We examine progress in the use of AI for detecting skin lesions. We discuss the problems of AI bias regarding the lack of skin images in dark skinnedindividuals. We report skin analysis algorithms that gracefully degrade and still perform well.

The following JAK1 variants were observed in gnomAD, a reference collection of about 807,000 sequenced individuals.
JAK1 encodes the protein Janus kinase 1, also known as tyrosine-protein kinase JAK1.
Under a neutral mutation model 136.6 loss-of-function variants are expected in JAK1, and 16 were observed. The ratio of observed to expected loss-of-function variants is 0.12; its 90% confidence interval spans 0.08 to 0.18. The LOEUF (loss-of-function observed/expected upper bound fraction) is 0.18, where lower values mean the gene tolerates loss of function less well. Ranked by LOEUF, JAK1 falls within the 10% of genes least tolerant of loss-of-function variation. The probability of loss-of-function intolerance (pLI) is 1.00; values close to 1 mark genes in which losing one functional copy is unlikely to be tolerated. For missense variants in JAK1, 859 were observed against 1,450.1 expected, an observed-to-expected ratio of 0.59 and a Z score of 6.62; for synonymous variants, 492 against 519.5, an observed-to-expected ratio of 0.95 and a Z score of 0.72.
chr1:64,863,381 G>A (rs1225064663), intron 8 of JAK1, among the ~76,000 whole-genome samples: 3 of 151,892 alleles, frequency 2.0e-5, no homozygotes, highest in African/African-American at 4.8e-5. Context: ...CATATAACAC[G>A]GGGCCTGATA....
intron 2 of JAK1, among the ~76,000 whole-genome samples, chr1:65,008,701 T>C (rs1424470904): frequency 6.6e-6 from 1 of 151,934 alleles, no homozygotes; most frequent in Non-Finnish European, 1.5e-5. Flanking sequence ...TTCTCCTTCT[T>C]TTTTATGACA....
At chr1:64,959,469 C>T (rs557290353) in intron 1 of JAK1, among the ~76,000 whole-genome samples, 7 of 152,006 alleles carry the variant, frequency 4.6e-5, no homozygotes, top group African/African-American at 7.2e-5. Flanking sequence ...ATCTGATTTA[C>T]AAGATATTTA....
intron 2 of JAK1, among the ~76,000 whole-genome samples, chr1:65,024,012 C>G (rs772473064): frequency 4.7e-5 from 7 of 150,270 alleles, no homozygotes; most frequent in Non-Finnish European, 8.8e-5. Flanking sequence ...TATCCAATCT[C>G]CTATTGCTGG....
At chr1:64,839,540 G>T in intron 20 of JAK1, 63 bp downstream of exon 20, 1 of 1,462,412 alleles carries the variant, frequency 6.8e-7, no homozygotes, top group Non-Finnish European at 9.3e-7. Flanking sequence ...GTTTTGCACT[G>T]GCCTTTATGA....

We examine progress in the use of AI for detecting skin lesions, with particular emphasis on the erythema migrans rash of acute Lyme disease, and other lesions, such as those from conditions like herpes zoster (shingles), tinea corporis, erythema multiforme, cellulitis, insect bites, or tick bites. We discuss important challenges for these applications, in particular the problems of AI bias regarding the lack of skin images in dark skinned individuals, being able to accurately detect, delineate, and segment lesions or regions of interest compared to normal skin in images, and low shot learning (addressing classification with a paucity of training images). Solving these problems ranges from being highly desirable requirements -- e.g. for delineation, which may be useful to disambiguate between similar types of lesions, and perform improved diagnostics -- or required, as is the case for AI de-biasing, to allow for the deployment of fair AI techniques in the clinic for skin lesion analysis. For the problem of low shot learning in particular, we report skin analysis algorithms that gracefully degrade and still perform well at low shots, when compared to baseline algorithms: when using a little as 10 training exemplars per class, the baseline DL algorithm performance significantly degrades, with accuracy of 56.41%, close to chance, whereas the best performing low shot algorithm yields an accuracy of 85.26%.